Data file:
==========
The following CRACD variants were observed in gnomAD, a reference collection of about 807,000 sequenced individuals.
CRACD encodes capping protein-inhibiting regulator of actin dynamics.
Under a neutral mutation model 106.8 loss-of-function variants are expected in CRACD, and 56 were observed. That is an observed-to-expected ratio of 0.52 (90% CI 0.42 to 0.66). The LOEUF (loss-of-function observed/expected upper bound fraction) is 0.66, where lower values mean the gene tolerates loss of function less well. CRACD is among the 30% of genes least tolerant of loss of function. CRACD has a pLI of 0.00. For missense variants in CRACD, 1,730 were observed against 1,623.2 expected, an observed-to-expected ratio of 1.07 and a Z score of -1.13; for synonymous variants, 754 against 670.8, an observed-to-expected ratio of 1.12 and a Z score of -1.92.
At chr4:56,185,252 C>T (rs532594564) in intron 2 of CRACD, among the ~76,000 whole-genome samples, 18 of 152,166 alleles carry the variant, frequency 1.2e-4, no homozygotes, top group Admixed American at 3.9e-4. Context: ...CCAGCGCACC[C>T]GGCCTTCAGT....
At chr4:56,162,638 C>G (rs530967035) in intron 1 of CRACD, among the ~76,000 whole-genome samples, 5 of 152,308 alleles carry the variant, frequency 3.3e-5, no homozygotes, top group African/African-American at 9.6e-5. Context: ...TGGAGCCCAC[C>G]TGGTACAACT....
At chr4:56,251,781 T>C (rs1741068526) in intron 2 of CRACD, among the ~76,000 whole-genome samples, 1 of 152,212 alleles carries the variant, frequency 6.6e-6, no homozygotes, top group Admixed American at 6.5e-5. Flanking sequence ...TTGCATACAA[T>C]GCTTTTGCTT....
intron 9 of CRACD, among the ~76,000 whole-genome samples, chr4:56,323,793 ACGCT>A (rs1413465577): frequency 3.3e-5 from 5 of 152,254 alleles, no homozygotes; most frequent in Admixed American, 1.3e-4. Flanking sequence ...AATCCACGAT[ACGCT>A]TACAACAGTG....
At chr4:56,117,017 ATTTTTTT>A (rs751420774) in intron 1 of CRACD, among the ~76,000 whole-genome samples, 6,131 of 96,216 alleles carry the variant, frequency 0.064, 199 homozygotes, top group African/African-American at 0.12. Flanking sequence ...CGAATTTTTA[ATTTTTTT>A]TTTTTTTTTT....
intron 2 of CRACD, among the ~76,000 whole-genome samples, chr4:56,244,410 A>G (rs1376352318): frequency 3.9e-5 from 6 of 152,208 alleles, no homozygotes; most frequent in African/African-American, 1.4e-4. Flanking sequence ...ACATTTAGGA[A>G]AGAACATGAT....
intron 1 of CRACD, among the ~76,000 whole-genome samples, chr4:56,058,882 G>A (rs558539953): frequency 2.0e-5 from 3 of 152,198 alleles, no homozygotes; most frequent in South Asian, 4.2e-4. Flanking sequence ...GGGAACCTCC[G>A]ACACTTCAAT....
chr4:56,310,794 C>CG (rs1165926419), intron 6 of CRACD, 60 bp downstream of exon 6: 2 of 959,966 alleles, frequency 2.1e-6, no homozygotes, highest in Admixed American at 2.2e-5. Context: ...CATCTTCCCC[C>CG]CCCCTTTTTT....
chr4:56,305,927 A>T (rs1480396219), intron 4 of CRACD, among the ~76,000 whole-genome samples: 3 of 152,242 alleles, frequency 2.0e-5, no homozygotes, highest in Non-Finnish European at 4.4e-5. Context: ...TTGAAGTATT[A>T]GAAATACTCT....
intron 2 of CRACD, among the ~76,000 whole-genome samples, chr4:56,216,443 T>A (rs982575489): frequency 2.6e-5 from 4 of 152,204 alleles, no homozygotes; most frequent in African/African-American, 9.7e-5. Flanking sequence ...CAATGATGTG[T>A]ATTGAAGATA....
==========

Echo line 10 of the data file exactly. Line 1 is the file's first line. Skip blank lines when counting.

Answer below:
intron 1 of CRACD, among the ~76,000 whole-genome samples, chr4:56,058,882 G>A (rs558539953): frequency 2.0e-5 from 3 of 152,198 alleles, no homozygotes; most frequent in South Asian, 4.2e-4. Flanking sequence ...GGGAACCTCC[G>A]ACACTTCAAT....